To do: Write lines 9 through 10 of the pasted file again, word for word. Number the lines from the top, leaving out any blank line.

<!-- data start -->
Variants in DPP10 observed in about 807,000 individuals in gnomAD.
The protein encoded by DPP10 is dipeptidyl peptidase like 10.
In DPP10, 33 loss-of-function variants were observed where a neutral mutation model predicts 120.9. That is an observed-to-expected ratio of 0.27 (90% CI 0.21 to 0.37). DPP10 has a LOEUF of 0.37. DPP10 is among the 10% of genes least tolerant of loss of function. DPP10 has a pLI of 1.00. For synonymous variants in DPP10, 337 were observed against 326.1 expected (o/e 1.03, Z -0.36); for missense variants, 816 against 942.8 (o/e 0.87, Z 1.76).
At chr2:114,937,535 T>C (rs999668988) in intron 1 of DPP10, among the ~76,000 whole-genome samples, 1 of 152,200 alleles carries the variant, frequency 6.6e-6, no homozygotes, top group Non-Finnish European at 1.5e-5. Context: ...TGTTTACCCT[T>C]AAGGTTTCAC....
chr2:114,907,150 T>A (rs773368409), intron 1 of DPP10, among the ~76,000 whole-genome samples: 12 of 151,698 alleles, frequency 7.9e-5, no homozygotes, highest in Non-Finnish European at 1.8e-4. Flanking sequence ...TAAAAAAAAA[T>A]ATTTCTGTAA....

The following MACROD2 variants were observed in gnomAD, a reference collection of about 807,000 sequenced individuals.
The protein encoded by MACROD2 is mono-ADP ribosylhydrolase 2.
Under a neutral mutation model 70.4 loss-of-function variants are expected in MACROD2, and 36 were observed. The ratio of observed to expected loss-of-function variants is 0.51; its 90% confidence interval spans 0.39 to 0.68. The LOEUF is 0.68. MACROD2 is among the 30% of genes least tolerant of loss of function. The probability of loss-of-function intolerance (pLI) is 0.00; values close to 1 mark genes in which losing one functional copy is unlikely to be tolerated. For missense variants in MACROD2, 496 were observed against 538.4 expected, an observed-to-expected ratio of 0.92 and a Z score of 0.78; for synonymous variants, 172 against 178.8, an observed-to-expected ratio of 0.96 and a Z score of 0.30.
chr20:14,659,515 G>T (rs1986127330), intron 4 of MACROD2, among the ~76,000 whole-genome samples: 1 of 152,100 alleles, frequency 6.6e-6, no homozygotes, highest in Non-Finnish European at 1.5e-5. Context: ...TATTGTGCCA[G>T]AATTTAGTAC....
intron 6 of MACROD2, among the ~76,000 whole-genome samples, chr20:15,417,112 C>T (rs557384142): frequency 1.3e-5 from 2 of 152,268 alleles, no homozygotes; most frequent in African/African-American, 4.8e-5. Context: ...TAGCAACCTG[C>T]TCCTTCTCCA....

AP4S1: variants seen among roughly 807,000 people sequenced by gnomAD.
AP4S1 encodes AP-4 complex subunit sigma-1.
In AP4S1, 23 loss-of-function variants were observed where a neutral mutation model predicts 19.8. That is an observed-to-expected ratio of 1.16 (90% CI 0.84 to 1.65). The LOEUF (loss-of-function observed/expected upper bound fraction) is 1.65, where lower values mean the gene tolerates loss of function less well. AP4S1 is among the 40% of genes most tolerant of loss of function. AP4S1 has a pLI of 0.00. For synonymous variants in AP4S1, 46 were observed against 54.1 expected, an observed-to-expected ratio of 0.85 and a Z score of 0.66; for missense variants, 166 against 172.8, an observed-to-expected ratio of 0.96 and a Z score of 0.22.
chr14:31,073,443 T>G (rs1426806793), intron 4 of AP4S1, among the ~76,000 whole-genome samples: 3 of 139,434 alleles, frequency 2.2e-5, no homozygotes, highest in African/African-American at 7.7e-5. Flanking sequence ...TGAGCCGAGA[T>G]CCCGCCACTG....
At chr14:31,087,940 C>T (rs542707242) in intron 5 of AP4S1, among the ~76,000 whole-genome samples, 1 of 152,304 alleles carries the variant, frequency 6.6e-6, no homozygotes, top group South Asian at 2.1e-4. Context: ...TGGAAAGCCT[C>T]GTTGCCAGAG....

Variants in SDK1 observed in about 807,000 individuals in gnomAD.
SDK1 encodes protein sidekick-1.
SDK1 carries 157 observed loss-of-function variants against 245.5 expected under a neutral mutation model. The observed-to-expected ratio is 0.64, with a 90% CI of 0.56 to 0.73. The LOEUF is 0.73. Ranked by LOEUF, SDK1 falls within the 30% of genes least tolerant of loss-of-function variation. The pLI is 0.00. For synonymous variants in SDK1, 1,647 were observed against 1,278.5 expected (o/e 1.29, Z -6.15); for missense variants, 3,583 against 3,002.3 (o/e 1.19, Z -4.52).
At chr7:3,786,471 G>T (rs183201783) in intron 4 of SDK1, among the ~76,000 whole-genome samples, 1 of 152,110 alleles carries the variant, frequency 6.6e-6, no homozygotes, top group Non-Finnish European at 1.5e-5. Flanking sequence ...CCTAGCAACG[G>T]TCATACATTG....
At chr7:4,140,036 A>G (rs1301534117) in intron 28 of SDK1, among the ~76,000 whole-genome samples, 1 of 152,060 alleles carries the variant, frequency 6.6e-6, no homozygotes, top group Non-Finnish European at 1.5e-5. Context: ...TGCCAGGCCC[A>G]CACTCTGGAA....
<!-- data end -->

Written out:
chr20:14,659,515 G>T (rs1986127330), intron 4 of MACROD2, among the ~76,000 whole-genome samples: 1 of 152,100 alleles, frequency 6.6e-6, no homozygotes, highest in Non-Finnish European at 1.5e-5. Context: ...TATTGTGCCA[G>T]AATTTAGTAC....
intron 6 of MACROD2, among the ~76,000 whole-genome samples, chr20:15,417,112 C>T (rs557384142): frequency 1.3e-5 from 2 of 152,268 alleles, no homozygotes; most frequent in African/African-American, 4.8e-5. Context: ...TAGCAACCTG[C>T]TCCTTCTCCA....